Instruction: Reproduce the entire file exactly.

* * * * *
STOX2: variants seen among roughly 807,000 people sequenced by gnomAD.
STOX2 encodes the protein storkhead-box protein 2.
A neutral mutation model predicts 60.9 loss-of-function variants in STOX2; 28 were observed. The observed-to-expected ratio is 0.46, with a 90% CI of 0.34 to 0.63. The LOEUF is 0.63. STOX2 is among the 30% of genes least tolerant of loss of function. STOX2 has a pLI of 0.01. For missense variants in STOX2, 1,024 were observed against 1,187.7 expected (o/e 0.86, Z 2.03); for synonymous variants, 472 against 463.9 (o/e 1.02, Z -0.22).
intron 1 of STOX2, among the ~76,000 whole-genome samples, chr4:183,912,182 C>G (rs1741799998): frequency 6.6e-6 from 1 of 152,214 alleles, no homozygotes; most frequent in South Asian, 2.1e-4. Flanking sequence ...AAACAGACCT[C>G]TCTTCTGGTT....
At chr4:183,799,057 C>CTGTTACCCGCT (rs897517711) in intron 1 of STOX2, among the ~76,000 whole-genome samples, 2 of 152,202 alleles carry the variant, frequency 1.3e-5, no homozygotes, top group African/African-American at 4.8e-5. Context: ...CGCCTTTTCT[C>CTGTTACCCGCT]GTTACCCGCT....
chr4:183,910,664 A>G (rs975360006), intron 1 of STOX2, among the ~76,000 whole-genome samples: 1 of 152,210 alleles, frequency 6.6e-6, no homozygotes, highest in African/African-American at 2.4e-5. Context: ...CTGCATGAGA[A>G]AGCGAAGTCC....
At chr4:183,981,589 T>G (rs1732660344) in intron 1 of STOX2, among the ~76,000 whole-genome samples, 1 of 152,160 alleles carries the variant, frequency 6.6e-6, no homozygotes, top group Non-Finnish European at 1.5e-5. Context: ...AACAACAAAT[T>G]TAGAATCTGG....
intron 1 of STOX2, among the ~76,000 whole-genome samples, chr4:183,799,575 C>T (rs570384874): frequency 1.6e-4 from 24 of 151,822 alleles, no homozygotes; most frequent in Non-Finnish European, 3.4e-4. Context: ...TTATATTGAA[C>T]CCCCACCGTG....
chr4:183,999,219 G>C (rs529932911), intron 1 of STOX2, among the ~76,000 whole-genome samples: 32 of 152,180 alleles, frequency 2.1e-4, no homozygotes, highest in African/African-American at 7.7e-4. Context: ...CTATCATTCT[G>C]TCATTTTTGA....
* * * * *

STOX2: variants seen among roughly 807,000 people sequenced by gnomAD.
STOX2 encodes the protein storkhead-box protein 2.
A neutral mutation model predicts 60.9 loss-of-function variants in STOX2; 28 were observed. The observed-to-expected ratio is 0.46, with a 90% CI of 0.34 to 0.63. The LOEUF is 0.63. STOX2 is among the 30% of genes least tolerant of loss of function. STOX2 has a pLI of 0.01. For missense variants in STOX2, 1,024 were observed against 1,187.7 expected (o/e 0.86, Z 2.03); for synonymous variants, 472 against 463.9 (o/e 1.02, Z -0.22).
intron 1 of STOX2, among the ~76,000 whole-genome samples, chr4:183,912,182 C>G (rs1741799998): frequency 6.6e-6 from 1 of 152,214 alleles, no homozygotes; most frequent in South Asian, 2.1e-4. Flanking sequence ...AAACAGACCT[C>G]TCTTCTGGTT....
At chr4:183,799,057 C>CTGTTACCCGCT (rs897517711) in intron 1 of STOX2, among the ~76,000 whole-genome samples, 2 of 152,202 alleles carry the variant, frequency 1.3e-5, no homozygotes, top group African/African-American at 4.8e-5. Context: ...CGCCTTTTCT[C>CTGTTACCCGCT]GTTACCCGCT....
chr4:183,910,664 A>G (rs975360006), intron 1 of STOX2, among the ~76,000 whole-genome samples: 1 of 152,210 alleles, frequency 6.6e-6, no homozygotes, highest in African/African-American at 2.4e-5. Context: ...CTGCATGAGA[A>G]AGCGAAGTCC....
At chr4:183,981,589 T>G (rs1732660344) in intron 1 of STOX2, among the ~76,000 whole-genome samples, 1 of 152,160 alleles carries the variant, frequency 6.6e-6, no homozygotes, top group Non-Finnish European at 1.5e-5. Context: ...AACAACAAAT[T>G]TAGAATCTGG....
intron 1 of STOX2, among the ~76,000 whole-genome samples, chr4:183,799,575 C>T (rs570384874): frequency 1.6e-4 from 24 of 151,822 alleles, no homozygotes; most frequent in Non-Finnish European, 3.4e-4. Context: ...TTATATTGAA[C>T]CCCCACCGTG....
chr4:183,999,219 G>C (rs529932911), intron 1 of STOX2, among the ~76,000 whole-genome samples: 32 of 152,180 alleles, frequency 2.1e-4, no homozygotes, highest in African/African-American at 7.7e-4. Context: ...CTATCATTCT[G>C]TCATTTTTGA....